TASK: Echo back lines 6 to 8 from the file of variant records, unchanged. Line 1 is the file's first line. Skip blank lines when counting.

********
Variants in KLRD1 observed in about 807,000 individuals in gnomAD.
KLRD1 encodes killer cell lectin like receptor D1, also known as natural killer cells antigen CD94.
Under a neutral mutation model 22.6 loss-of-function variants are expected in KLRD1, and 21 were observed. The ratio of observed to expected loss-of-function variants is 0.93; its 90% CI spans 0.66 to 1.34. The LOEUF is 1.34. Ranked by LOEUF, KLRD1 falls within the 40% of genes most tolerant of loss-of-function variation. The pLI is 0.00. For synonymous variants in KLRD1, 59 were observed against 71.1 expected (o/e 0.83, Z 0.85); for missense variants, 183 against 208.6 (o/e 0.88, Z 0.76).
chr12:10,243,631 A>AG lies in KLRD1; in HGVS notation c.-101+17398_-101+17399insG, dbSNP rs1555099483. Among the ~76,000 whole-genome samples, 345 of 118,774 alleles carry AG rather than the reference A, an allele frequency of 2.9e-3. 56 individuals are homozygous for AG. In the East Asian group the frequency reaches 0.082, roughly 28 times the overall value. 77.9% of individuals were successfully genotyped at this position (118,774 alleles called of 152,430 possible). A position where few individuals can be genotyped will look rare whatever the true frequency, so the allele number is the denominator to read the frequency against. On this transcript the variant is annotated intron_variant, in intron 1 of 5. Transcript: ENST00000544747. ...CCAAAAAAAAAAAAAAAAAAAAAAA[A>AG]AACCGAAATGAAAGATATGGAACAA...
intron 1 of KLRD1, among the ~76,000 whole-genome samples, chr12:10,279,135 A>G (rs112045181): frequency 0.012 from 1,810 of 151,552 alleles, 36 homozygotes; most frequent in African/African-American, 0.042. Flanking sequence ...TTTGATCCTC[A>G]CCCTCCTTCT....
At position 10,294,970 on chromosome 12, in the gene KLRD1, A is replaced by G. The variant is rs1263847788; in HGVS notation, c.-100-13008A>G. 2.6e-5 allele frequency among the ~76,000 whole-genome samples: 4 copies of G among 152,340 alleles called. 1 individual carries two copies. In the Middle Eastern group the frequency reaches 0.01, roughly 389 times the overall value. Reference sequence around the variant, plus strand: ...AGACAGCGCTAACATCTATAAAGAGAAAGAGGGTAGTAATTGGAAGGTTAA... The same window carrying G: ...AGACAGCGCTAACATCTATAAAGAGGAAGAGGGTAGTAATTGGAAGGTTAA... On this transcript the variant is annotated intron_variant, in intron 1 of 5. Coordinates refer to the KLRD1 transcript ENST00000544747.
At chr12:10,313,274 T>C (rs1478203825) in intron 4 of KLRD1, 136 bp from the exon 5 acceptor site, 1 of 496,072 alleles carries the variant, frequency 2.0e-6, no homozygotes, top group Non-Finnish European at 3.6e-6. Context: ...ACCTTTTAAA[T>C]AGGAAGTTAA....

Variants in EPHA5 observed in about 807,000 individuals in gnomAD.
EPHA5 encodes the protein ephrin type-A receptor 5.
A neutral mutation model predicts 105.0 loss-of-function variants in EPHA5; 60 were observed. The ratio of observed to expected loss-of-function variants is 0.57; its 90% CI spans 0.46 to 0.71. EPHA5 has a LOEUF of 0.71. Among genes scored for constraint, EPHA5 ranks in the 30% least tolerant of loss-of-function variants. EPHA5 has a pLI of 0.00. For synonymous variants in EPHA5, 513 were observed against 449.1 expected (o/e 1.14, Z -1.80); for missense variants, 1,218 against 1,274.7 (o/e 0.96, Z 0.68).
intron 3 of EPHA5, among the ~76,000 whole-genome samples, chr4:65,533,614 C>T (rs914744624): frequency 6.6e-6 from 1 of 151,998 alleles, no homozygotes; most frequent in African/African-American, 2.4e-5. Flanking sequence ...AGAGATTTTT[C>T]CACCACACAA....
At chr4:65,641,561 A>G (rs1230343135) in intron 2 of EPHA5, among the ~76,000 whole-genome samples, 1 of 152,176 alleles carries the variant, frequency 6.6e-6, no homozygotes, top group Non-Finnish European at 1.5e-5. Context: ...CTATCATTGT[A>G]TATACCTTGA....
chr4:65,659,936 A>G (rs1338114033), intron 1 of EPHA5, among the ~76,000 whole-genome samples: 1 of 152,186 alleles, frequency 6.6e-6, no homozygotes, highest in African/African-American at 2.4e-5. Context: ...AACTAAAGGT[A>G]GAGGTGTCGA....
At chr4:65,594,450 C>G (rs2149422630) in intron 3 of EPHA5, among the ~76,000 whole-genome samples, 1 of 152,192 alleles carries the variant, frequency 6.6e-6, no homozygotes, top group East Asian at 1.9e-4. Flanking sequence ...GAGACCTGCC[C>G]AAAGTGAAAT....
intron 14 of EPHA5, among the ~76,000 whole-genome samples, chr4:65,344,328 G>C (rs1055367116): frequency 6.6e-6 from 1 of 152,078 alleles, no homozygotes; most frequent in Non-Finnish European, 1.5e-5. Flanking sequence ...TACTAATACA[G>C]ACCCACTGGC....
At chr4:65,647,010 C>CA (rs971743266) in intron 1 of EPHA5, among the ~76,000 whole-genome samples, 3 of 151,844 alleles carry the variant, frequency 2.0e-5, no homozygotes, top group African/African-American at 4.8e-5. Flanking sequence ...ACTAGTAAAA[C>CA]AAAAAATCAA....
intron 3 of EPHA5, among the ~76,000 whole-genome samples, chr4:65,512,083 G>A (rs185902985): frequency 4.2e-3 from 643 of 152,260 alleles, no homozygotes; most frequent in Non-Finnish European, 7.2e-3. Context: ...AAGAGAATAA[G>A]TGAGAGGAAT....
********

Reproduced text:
At position 10,294,970 on chromosome 12, in the gene KLRD1, A is replaced by G. The variant is rs1263847788; in HGVS notation, c.-100-13008A>G. 2.6e-5 allele frequency among the ~76,000 whole-genome samples: 4 copies of G among 152,340 alleles called. 1 individual carries two copies. In the Middle Eastern group the frequency reaches 0.01, roughly 389 times the overall value. Reference sequence around the variant, plus strand: ...AGACAGCGCTAACATCTATAAAGAGAAAGAGGGTAGTAATTGGAAGGTTAA... The same window carrying G: ...AGACAGCGCTAACATCTATAAAGAGGAAGAGGGTAGTAATTGGAAGGTTAA... On this transcript the variant is annotated intron_variant, in intron 1 of 5. Coordinates refer to the KLRD1 transcript ENST00000544747.
At chr12:10,313,274 T>C (rs1478203825) in intron 4 of KLRD1, 136 bp from the exon 5 acceptor site, 1 of 496,072 alleles carries the variant, frequency 2.0e-6, no homozygotes, top group Non-Finnish European at 3.6e-6. Context: ...ACCTTTTAAA[T>C]AGGAAGTTAA....

Variants in EPHA5 observed in about 807,000 individuals in gnomAD.